I’ve written before on the separation of building regulations in Wales from those in England following the devolution of powers to Welsh Ministers at the end of 2011. At that time I was expecting the Building Regulations in Wales to be unchanged from the 2010 England and Wales regulations until the Welsh Part L (Conservation of Fuel and Power) was revised later this year. However, it turns out I’ve been blindsided by a small but unexpected side-step last summer.
The unexpected move was a response to the European Union’s Construction Products Regulation, which introduced compulsory CE-marking for relevant construction products from 1st July 2013 (relevant in this case is a short-hand for products for which there is a harmonised European Standard or European Technical Assessment). In England, the necessary changes to guidance were proposed in the 2012 consultation on Building Regulations, together with a draft Approved Document to Regulation 7 which would implement the changes. Following the consultation the new Approved Document came into effect on 1st July 2013.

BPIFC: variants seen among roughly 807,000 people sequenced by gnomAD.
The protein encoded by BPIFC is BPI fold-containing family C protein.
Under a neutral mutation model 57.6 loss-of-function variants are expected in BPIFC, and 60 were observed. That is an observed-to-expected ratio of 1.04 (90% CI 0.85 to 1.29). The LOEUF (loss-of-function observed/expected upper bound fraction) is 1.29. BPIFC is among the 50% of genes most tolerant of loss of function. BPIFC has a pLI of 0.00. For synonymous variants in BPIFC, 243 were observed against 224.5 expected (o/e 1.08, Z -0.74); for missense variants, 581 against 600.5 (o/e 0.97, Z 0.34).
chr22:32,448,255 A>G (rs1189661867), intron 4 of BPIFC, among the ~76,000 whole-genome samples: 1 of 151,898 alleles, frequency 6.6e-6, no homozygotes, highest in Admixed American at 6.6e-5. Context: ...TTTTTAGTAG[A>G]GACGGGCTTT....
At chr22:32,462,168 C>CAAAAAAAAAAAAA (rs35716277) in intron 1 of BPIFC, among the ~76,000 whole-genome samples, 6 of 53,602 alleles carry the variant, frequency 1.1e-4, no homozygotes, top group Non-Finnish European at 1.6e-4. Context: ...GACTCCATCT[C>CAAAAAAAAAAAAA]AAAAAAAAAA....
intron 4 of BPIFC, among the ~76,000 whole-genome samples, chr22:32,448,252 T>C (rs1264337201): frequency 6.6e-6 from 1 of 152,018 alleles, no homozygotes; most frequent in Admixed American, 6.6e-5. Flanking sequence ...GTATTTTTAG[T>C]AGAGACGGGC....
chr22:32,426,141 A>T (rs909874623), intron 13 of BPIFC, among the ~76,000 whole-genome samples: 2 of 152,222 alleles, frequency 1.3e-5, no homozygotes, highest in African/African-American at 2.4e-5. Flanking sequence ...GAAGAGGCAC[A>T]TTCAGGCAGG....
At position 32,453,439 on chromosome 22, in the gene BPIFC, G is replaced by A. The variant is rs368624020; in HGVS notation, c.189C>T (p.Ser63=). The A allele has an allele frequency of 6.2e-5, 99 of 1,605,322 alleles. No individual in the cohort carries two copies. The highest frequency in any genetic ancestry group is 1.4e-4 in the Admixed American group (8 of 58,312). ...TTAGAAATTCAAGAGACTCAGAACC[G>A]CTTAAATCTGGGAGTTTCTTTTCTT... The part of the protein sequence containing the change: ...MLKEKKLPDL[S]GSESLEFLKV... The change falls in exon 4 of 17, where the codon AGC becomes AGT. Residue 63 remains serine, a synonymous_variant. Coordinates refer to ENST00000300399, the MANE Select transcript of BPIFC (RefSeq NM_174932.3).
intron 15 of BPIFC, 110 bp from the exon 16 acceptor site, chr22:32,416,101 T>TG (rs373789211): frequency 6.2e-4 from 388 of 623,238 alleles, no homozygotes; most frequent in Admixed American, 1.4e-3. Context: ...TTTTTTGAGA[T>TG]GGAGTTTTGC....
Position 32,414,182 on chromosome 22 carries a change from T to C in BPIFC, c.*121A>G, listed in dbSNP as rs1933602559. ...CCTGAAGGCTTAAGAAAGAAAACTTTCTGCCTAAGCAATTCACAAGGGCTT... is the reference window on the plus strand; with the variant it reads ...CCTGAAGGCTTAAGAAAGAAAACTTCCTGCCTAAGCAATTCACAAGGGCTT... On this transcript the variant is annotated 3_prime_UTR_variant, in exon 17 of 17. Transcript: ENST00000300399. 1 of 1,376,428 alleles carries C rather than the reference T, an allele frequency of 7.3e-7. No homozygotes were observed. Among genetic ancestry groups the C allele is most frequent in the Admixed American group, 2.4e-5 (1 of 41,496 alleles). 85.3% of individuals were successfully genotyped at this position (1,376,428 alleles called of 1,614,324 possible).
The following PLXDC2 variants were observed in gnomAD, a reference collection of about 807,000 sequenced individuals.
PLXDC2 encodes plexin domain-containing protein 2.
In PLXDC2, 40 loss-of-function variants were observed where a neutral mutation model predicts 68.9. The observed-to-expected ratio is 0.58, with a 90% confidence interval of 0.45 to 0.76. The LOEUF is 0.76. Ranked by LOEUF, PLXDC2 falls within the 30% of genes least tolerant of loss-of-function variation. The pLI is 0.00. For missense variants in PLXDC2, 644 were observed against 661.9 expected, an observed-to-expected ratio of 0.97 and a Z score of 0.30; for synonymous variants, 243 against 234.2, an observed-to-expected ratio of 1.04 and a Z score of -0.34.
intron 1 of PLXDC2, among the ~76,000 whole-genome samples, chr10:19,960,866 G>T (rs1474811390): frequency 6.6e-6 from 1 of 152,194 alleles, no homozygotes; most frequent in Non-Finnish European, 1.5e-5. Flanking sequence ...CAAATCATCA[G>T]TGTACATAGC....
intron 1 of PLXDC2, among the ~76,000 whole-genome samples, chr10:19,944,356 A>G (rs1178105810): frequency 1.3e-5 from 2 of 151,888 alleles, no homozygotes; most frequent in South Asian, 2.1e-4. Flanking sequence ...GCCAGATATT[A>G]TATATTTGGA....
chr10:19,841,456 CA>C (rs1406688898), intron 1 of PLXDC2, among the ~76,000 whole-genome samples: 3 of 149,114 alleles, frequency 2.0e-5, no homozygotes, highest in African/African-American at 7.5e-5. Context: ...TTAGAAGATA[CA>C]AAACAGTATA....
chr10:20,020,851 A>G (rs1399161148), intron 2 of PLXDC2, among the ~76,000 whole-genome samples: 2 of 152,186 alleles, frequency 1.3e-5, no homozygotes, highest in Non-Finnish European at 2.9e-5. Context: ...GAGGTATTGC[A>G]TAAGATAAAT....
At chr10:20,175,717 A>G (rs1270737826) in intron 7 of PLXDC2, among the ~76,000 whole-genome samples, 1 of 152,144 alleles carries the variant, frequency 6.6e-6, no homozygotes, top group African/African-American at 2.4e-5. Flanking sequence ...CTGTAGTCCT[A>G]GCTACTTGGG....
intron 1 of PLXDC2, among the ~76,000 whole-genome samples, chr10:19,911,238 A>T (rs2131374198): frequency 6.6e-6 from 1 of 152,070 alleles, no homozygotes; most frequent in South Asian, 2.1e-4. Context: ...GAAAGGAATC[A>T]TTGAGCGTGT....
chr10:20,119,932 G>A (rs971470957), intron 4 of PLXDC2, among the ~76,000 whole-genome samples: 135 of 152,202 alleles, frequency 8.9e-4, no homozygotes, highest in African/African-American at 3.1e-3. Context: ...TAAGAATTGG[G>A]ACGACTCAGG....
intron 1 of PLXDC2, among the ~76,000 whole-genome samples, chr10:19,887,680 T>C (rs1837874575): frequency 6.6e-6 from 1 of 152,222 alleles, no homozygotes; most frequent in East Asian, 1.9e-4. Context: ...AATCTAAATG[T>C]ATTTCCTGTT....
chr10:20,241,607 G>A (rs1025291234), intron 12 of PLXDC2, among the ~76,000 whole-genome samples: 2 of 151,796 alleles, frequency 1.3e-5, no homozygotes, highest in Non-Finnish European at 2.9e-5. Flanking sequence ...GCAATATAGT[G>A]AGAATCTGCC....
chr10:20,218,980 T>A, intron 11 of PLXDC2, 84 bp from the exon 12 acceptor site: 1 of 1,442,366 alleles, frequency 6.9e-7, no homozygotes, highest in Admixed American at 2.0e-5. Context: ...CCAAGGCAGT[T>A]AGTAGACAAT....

And what about Wales? Not a peep. Until 29 April, when a consultation on changes to the Approved Document supporting Regulation 7 opened. The consultation also addressed changes to remove the Warranty Link Rule, which requires Approved Inspectors to check a new dwelling is registered with a warranty provider before carrying out any building control function, and to establish a central register for registration and insurance details for Approved Inspectors. The consultation closed on 21 June 2013. The new Approved Document in support of Regulation 7 came into force on 1 September.
What’s changed? Well, the main change is that the Approved Document reflects the implementation of the Construction Products Regulation, with the Ways of establishing the suitability of materials section updated. There are a couple of other tweaks, but that’s the bulk of it. The Approved Document also has a new format: one column, sans serif type face, headings on a grey background, but mainly very blue – with the surprising exception of defined terms which are bold and green (they really would have been better in blue, but for some reason the notes to the document have been set in blue: hmm).
Some might say a coming-into-force date of 1 September is a bit late: two months late. It’s not great – Northern Ireland managed the change by 1 July 2013, but it still took until 1 October 2013 for Scotland to recognise the Construction Products Regulations in its Building Standards.